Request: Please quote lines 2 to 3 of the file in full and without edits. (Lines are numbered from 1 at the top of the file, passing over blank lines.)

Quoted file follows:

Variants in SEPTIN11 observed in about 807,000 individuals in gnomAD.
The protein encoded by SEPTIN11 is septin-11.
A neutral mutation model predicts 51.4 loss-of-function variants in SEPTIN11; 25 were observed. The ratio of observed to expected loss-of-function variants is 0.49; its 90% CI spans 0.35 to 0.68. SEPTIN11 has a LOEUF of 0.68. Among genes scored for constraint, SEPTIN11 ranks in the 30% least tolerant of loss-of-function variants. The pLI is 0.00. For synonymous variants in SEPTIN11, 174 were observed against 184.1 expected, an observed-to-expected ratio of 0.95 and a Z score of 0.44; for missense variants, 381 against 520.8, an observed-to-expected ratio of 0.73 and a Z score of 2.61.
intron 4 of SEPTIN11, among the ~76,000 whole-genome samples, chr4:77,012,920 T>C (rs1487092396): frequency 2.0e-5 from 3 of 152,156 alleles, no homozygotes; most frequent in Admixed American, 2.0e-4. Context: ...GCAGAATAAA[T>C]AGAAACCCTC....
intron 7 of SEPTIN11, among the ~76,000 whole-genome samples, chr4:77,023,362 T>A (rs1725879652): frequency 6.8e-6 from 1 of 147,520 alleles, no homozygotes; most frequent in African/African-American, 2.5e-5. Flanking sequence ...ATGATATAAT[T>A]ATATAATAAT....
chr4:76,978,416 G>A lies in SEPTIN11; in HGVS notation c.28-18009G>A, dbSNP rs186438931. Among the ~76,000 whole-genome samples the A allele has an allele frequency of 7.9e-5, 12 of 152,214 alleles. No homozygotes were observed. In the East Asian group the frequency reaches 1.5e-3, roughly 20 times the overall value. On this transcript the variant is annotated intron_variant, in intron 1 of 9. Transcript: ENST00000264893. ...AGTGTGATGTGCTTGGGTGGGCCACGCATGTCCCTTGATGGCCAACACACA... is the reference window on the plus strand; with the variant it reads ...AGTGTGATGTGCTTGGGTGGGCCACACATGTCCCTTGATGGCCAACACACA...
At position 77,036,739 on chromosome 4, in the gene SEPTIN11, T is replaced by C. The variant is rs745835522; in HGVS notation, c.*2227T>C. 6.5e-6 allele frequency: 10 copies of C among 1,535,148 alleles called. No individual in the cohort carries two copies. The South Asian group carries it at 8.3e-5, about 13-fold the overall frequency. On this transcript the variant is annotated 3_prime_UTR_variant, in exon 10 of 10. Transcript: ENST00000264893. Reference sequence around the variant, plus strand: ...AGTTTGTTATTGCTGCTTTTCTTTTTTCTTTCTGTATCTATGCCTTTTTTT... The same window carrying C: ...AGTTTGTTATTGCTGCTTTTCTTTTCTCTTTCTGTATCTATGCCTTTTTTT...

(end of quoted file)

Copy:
The protein encoded by SEPTIN11 is septin-11.
A neutral mutation model predicts 51.4 loss-of-function variants in SEPTIN11; 25 were observed. The ratio of observed to expected loss-of-function variants is 0.49; its 90% CI spans 0.35 to 0.68. SEPTIN11 has a LOEUF of 0.68. Among genes scored for constraint, SEPTIN11 ranks in the 30% least tolerant of loss-of-function variants. The pLI is 0.00. For synonymous variants in SEPTIN11, 174 were observed against 184.1 expected, an observed-to-expected ratio of 0.95 and a Z score of 0.44; for missense variants, 381 against 520.8, an observed-to-expected ratio of 0.73 and a Z score of 2.61.